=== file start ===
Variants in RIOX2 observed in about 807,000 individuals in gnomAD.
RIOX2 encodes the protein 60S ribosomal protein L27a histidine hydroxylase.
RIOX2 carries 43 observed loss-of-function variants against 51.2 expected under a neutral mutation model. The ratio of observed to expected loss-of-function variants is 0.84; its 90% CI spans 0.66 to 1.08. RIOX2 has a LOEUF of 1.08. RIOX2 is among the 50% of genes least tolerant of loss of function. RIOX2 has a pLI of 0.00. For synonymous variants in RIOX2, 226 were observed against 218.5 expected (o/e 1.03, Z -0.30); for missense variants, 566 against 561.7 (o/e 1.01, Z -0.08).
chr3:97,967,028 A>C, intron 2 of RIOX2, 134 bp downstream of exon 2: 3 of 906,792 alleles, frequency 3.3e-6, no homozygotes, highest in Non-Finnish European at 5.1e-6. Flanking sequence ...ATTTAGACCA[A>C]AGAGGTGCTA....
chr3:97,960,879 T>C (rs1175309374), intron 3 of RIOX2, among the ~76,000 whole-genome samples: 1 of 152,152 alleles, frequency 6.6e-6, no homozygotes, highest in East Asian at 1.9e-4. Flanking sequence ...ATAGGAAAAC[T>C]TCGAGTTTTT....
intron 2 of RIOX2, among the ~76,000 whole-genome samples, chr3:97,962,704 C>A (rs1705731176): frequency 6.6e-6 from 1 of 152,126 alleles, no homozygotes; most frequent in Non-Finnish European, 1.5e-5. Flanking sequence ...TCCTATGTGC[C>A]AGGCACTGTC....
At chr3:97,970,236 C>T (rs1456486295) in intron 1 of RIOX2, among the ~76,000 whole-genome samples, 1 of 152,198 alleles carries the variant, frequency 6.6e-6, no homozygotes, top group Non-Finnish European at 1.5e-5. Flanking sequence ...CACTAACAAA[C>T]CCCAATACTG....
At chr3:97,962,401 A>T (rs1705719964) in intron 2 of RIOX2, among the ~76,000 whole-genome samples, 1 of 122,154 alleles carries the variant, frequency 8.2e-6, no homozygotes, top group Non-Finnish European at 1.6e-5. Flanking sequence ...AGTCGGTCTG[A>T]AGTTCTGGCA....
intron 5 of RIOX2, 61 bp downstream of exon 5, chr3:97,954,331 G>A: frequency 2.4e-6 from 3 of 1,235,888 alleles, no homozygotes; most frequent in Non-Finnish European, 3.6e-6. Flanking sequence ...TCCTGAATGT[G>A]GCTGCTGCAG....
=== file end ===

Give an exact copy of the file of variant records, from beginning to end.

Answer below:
Variants in RIOX2 observed in about 807,000 individuals in gnomAD.
RIOX2 encodes the protein 60S ribosomal protein L27a histidine hydroxylase.
RIOX2 carries 43 observed loss-of-function variants against 51.2 expected under a neutral mutation model. The ratio of observed to expected loss-of-function variants is 0.84; its 90% CI spans 0.66 to 1.08. RIOX2 has a LOEUF of 1.08. RIOX2 is among the 50% of genes least tolerant of loss of function. RIOX2 has a pLI of 0.00. For synonymous variants in RIOX2, 226 were observed against 218.5 expected (o/e 1.03, Z -0.30); for missense variants, 566 against 561.7 (o/e 1.01, Z -0.08).
chr3:97,967,028 A>C, intron 2 of RIOX2, 134 bp downstream of exon 2: 3 of 906,792 alleles, frequency 3.3e-6, no homozygotes, highest in Non-Finnish European at 5.1e-6. Flanking sequence ...ATTTAGACCA[A>C]AGAGGTGCTA....
chr3:97,960,879 T>C (rs1175309374), intron 3 of RIOX2, among the ~76,000 whole-genome samples: 1 of 152,152 alleles, frequency 6.6e-6, no homozygotes, highest in East Asian at 1.9e-4. Flanking sequence ...ATAGGAAAAC[T>C]TCGAGTTTTT....
intron 2 of RIOX2, among the ~76,000 whole-genome samples, chr3:97,962,704 C>A (rs1705731176): frequency 6.6e-6 from 1 of 152,126 alleles, no homozygotes; most frequent in Non-Finnish European, 1.5e-5. Flanking sequence ...TCCTATGTGC[C>A]AGGCACTGTC....
At chr3:97,970,236 C>T (rs1456486295) in intron 1 of RIOX2, among the ~76,000 whole-genome samples, 1 of 152,198 alleles carries the variant, frequency 6.6e-6, no homozygotes, top group Non-Finnish European at 1.5e-5. Flanking sequence ...CACTAACAAA[C>T]CCCAATACTG....
At chr3:97,962,401 A>T (rs1705719964) in intron 2 of RIOX2, among the ~76,000 whole-genome samples, 1 of 122,154 alleles carries the variant, frequency 8.2e-6, no homozygotes, top group Non-Finnish European at 1.6e-5. Flanking sequence ...AGTCGGTCTG[A>T]AGTTCTGGCA....
intron 5 of RIOX2, 61 bp downstream of exon 5, chr3:97,954,331 G>A: frequency 2.4e-6 from 3 of 1,235,888 alleles, no homozygotes; most frequent in Non-Finnish European, 3.6e-6. Flanking sequence ...TCCTGAATGT[G>A]GCTGCTGCAG....